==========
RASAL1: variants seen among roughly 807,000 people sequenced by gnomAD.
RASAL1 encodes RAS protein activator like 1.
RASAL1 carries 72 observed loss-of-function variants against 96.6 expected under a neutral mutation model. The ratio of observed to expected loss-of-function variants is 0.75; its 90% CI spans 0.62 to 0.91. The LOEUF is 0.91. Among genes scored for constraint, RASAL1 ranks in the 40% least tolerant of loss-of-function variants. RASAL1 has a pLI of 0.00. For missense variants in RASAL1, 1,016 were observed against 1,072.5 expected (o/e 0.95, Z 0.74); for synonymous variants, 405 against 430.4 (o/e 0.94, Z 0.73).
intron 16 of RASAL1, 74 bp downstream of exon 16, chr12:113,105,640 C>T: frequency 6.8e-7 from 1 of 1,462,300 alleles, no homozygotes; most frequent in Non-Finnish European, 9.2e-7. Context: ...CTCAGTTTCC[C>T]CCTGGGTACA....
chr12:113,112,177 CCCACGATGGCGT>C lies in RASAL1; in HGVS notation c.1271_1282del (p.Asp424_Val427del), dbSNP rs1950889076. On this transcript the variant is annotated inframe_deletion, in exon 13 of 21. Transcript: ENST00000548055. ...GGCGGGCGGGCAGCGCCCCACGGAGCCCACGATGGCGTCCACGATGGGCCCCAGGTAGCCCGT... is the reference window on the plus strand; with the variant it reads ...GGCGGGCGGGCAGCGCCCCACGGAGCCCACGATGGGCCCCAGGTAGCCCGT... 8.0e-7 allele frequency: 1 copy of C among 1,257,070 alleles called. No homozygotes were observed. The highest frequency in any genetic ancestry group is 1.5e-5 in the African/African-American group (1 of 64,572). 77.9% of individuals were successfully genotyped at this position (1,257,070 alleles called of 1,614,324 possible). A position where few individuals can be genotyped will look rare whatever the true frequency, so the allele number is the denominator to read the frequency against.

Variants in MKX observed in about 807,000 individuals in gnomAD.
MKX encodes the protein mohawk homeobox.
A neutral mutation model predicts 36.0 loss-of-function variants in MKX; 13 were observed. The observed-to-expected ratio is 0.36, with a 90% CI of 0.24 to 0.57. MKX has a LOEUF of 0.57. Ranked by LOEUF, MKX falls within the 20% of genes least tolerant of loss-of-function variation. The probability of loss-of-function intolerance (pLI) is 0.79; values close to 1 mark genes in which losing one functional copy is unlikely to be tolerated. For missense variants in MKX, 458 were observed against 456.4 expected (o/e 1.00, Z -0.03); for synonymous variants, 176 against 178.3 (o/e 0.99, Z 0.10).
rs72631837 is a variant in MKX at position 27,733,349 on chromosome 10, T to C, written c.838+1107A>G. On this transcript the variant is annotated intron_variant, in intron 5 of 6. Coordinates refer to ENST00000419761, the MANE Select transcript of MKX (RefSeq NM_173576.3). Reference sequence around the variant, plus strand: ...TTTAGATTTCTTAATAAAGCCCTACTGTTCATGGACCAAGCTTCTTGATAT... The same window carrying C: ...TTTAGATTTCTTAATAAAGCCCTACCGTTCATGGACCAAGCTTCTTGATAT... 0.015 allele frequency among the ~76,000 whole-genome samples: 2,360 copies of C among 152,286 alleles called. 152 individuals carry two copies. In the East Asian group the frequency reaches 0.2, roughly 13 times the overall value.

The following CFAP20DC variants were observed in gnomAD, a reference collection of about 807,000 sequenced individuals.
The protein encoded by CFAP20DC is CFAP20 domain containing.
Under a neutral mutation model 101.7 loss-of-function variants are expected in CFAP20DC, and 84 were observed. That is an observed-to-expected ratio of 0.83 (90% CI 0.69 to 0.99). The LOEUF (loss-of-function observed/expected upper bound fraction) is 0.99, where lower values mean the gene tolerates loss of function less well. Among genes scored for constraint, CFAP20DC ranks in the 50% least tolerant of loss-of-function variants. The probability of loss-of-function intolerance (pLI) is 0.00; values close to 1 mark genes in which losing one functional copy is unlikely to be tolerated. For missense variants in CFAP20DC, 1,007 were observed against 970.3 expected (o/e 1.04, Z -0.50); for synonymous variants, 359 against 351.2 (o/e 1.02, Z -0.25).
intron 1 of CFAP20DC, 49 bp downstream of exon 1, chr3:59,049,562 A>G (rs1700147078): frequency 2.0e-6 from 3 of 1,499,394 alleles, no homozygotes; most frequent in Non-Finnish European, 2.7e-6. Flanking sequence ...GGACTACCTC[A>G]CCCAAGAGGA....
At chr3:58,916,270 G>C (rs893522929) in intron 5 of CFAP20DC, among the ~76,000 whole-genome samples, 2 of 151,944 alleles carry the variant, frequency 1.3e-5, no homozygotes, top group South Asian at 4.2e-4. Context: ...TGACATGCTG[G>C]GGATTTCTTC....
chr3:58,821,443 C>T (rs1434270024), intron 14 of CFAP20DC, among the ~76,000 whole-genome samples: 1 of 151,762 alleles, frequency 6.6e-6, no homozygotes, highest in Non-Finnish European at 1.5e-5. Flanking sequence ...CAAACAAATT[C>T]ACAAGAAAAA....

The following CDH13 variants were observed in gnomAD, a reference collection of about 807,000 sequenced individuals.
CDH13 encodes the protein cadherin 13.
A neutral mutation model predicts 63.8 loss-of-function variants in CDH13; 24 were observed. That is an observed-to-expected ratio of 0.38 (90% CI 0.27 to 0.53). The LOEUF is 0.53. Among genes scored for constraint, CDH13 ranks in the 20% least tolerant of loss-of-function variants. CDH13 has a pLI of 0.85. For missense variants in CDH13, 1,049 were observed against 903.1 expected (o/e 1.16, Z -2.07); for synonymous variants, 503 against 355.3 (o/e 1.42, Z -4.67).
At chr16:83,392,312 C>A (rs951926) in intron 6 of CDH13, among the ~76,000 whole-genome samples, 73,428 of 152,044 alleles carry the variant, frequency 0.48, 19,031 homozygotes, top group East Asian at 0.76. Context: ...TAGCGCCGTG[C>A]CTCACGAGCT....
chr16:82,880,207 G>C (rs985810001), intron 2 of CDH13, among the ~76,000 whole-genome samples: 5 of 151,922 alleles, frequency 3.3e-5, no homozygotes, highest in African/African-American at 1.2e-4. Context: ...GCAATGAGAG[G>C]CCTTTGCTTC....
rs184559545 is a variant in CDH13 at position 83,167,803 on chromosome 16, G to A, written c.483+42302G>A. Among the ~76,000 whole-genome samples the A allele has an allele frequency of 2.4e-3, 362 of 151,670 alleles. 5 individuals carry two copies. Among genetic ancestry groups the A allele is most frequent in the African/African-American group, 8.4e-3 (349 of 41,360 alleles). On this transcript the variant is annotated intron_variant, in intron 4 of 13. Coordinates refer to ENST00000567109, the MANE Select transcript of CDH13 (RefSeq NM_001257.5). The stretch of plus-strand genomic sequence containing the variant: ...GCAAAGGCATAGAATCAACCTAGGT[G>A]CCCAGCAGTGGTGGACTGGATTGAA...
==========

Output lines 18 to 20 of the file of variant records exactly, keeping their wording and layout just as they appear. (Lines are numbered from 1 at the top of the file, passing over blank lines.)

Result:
A neutral mutation model predicts 63.8 loss-of-function variants in CDH13; 24 were observed. That is an observed-to-expected ratio of 0.38 (90% CI 0.27 to 0.53). The LOEUF is 0.53. Among genes scored for constraint, CDH13 ranks in the 20% least tolerant of loss-of-function variants. CDH13 has a pLI of 0.85. For missense variants in CDH13, 1,049 were observed against 903.1 expected (o/e 1.16, Z -2.07); for synonymous variants, 503 against 355.3 (o/e 1.42, Z -4.67).
At chr16:83,392,312 C>A (rs951926) in intron 6 of CDH13, among the ~76,000 whole-genome samples, 73,428 of 152,044 alleles carry the variant, frequency 0.48, 19,031 homozygotes, top group East Asian at 0.76. Context: ...TAGCGCCGTG[C>A]CTCACGAGCT....
chr16:82,880,207 G>C (rs985810001), intron 2 of CDH13, among the ~76,000 whole-genome samples: 5 of 151,922 alleles, frequency 3.3e-5, no homozygotes, highest in African/African-American at 1.2e-4. Context: ...GCAATGAGAG[G>C]CCTTTGCTTC....